Some of my assumptions about Python object allocation
In a reddit comment thread
I was accurately dinged for being a bit casual in how I talked about
object allocation at the end of my previous entry. As the comment notes, calling '
)' creates and throws away a new object each time the key already
exists, just as '
.setdefaults(k, SomeClass())' would.
Well, sort of. One of the things I assume about Python is that
allocating and freeing new empty instances of built-in types (such
') is highly optimized and in practice is very cheap, while
allocating and freeing instances of Python-level classes is relatively
expensive both in memory and in time. I am thus much more casual about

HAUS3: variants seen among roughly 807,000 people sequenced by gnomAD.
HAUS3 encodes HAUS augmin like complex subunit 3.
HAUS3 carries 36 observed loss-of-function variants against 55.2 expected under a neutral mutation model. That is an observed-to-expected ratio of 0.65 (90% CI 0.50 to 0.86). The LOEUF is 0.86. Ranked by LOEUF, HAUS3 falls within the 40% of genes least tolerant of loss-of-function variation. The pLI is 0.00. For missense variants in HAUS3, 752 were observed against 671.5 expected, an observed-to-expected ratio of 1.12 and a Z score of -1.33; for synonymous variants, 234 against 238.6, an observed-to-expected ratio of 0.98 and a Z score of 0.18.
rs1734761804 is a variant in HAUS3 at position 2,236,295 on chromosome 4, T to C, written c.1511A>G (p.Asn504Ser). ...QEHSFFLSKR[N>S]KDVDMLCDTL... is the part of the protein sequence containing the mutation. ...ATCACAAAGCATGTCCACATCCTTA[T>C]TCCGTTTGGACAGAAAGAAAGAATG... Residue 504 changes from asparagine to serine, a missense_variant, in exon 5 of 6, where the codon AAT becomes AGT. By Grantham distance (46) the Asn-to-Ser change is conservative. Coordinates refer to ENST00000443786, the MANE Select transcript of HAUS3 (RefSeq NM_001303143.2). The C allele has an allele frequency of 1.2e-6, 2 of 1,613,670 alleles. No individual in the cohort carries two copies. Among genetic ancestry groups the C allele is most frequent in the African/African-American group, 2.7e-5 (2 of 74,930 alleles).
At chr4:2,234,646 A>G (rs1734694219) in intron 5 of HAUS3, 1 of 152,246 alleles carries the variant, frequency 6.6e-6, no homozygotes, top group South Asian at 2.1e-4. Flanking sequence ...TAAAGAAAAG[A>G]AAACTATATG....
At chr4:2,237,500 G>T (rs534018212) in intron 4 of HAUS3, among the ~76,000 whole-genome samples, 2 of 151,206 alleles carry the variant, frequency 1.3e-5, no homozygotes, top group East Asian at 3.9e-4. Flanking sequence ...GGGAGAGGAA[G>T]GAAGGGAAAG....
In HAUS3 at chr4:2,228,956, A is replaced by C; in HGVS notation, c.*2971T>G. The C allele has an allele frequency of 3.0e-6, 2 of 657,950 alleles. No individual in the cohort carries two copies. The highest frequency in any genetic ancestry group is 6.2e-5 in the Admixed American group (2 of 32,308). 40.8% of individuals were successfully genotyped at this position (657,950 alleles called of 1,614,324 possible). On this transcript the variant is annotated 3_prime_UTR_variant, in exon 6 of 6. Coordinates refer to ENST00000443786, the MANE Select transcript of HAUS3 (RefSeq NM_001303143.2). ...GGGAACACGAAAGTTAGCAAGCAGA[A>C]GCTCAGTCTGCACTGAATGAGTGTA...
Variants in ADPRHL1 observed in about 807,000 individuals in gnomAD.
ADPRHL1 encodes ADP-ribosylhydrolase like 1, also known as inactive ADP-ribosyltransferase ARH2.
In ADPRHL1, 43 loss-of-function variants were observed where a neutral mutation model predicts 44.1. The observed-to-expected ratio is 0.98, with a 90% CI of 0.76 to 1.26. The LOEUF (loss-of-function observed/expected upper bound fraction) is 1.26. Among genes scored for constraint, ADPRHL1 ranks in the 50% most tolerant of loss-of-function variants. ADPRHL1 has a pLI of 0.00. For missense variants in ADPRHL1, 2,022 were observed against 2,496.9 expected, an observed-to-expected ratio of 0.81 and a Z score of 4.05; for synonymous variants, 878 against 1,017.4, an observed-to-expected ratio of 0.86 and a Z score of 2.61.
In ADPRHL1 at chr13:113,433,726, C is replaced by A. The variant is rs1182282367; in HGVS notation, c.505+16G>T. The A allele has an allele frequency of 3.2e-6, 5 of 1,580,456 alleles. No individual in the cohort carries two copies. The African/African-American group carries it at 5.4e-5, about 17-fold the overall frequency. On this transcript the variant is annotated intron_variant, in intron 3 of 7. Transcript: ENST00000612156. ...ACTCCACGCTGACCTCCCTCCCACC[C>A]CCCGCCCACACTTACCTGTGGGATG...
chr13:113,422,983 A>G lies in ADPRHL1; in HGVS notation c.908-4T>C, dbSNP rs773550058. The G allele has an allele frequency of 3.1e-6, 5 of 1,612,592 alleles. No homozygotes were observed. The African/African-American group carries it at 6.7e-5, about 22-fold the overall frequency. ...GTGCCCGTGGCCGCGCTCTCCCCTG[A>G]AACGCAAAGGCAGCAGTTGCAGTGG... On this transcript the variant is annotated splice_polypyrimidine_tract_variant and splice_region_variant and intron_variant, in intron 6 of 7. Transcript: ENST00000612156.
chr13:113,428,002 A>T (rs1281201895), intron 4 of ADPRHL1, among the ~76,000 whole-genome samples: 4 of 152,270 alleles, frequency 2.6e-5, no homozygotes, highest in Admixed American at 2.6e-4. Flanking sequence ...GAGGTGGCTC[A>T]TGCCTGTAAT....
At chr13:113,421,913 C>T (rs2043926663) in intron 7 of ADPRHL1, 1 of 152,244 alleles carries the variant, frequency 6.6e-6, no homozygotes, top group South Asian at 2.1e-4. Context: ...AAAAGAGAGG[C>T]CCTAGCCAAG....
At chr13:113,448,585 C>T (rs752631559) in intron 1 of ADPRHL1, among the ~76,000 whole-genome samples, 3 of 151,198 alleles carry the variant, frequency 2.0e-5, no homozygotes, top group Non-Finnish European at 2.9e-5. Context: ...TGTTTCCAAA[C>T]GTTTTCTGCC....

churning simple primitive instances than I am about churning user
(Things like zero-length strings and empty tuples can be optimized even further; since they are unchangeable once created, you can have a single null instance of each and just hand out references to it.)
I think of instances of Python-level classes as expensive to create and
destroy for two reasons. First, even a very minimal class instance has
a not insignificant amount of overhead; unless it uses
it has at least a dict instance for its
__dict__ and a C-level
class instance structure of some sort. Second, if the class has an
__init__ method, it must be called, with the overhead in time
and object creation and churn that that implies. (And of coure the
__init__ can wind up attaching more data on the new instance, making
it more expensive.)